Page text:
It amazes me how many people do not actively network. Even more surprising is the limited networking that many students do. For instance, using LinkedIn. If LinkedIn had been around when I was a student, there is no telling where my career would have gone. In my discussions with professionals, there seems to be common excuses for not networking. Here are the top three networking misconceptions I consistently hear:
#1: Networking is for self-promoting schmoozers – Networking isn’t solely the life of those desperate for a job. Networking simply involves making mutual connections. By tapping into our connections, we can share ideas, pass along opportunities, and benefit from one another’s expertise.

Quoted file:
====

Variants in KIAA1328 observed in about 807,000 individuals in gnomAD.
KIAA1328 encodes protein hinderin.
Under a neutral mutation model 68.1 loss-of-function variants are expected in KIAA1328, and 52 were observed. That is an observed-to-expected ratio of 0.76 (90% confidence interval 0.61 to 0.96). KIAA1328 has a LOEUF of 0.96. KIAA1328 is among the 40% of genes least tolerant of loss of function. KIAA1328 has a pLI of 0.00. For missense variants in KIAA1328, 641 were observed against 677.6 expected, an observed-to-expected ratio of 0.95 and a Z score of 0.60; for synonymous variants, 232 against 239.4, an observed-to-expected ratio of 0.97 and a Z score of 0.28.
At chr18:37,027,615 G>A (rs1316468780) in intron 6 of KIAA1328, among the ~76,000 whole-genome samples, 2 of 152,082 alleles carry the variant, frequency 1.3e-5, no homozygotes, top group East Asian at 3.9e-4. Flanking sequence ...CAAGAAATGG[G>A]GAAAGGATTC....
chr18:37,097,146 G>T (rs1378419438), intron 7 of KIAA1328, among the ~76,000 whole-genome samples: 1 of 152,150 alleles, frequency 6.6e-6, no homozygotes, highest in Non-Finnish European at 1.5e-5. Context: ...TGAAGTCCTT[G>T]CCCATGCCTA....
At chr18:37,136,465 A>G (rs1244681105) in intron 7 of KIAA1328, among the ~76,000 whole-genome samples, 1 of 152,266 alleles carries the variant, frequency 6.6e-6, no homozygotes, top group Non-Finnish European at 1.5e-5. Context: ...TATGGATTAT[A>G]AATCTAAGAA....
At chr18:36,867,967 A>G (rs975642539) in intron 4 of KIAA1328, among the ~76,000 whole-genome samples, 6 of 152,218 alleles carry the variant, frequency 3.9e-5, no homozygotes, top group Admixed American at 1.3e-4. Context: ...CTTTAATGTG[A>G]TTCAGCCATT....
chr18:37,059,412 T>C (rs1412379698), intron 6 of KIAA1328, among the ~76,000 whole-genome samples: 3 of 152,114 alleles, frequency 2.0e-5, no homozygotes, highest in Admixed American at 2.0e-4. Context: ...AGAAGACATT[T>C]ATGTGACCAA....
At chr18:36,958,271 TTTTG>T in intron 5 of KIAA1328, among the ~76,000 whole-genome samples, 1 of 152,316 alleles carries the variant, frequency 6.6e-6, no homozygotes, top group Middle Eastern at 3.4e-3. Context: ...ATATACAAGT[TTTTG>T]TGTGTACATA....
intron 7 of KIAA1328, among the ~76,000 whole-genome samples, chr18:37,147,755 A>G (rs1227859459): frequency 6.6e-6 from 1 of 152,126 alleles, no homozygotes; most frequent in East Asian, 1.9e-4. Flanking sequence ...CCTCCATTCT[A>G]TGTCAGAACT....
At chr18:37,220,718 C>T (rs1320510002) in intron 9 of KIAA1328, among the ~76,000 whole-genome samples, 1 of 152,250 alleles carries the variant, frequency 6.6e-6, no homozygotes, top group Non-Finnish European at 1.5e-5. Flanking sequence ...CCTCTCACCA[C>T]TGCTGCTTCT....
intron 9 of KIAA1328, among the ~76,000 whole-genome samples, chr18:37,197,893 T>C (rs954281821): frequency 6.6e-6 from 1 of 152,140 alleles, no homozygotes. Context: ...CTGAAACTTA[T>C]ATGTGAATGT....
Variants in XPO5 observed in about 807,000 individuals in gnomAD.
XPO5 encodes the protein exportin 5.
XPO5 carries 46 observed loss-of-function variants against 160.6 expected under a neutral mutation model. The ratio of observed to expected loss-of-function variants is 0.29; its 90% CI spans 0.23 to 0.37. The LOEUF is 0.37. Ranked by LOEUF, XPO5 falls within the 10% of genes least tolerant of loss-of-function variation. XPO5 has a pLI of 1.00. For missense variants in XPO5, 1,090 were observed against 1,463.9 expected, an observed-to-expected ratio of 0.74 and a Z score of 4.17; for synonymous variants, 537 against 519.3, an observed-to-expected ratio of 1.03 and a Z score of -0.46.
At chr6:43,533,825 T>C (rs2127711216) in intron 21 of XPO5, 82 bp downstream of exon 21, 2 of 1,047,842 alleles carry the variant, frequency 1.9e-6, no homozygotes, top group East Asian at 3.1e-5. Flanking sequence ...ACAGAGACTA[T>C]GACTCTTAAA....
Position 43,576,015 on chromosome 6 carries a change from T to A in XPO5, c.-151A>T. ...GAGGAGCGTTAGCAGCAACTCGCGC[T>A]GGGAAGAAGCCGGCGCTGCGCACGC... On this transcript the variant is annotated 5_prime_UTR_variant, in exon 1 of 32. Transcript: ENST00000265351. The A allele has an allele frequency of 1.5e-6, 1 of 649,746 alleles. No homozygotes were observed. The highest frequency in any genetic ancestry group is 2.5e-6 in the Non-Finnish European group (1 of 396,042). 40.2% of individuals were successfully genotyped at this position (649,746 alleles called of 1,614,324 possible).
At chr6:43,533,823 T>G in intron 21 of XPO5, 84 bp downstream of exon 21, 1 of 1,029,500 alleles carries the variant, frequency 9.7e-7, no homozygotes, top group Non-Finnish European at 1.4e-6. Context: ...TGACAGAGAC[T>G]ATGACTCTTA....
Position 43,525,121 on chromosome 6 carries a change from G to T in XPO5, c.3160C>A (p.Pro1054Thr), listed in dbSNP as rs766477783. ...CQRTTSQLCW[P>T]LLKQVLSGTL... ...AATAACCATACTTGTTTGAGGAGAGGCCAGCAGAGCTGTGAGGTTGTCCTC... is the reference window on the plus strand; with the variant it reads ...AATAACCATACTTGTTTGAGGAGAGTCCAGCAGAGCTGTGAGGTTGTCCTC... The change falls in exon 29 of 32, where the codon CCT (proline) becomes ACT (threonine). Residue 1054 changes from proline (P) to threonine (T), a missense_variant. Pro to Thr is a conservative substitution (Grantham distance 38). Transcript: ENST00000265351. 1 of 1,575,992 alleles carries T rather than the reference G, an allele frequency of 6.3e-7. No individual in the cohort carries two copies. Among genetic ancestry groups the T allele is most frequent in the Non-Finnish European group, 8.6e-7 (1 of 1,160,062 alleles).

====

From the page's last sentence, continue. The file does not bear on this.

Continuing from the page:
#2: Network is for salespeople – Wrong! Our professional success depends on the relationships we build. You may not be a salesperson and you may not be outgoing, but you can’t deny that networking is founded upon relationships. Regardless of your position or personality, you’d be wise to maximize your networking opportunities.
#3: Networking is uncomfortable, forced, and boring – We tend to imagine networking as speed dating awkwardly applied to the professional level. Nothing could be more inaccurate. The best networkers realistically share themselves (their talents, knowledge, resources) to benefit others.
Although the concept of networking has been tainted by mythical misconceptions, wise leaders know the importance of connecting and building relationships for professional success.